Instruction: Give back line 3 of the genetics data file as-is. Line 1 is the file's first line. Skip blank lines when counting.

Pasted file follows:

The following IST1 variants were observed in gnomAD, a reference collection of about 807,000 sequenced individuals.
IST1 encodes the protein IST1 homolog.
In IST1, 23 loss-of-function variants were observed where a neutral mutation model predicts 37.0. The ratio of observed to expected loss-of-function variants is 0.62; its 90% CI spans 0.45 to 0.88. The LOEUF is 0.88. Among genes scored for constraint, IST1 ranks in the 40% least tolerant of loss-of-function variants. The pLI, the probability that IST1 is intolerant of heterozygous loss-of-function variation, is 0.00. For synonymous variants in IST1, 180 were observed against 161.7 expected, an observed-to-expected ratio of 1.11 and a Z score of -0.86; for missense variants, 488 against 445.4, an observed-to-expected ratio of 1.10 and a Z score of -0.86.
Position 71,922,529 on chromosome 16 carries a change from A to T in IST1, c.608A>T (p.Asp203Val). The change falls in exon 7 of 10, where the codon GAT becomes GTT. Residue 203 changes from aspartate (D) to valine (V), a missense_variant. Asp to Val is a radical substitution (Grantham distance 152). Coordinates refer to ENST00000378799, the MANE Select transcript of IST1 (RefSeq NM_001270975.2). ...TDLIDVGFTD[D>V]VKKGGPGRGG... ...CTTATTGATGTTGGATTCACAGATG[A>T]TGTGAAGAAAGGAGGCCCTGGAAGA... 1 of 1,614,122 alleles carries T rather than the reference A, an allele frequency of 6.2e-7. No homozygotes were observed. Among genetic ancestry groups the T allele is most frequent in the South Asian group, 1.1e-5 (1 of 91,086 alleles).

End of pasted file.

In IST1, 23 loss-of-function variants were observed where a neutral mutation model predicts 37.0. The ratio of observed to expected loss-of-function variants is 0.62; its 90% CI spans 0.45 to 0.88. The LOEUF is 0.88. Among genes scored for constraint, IST1 ranks in the 40% least tolerant of loss-of-function variants. The pLI, the probability that IST1 is intolerant of heterozygous loss-of-function variation, is 0.00. For synonymous variants in IST1, 180 were observed against 161.7 expected, an observed-to-expected ratio of 1.11 and a Z score of -0.86; for missense variants, 488 against 445.4, an observed-to-expected ratio of 1.10 and a Z score of -0.86.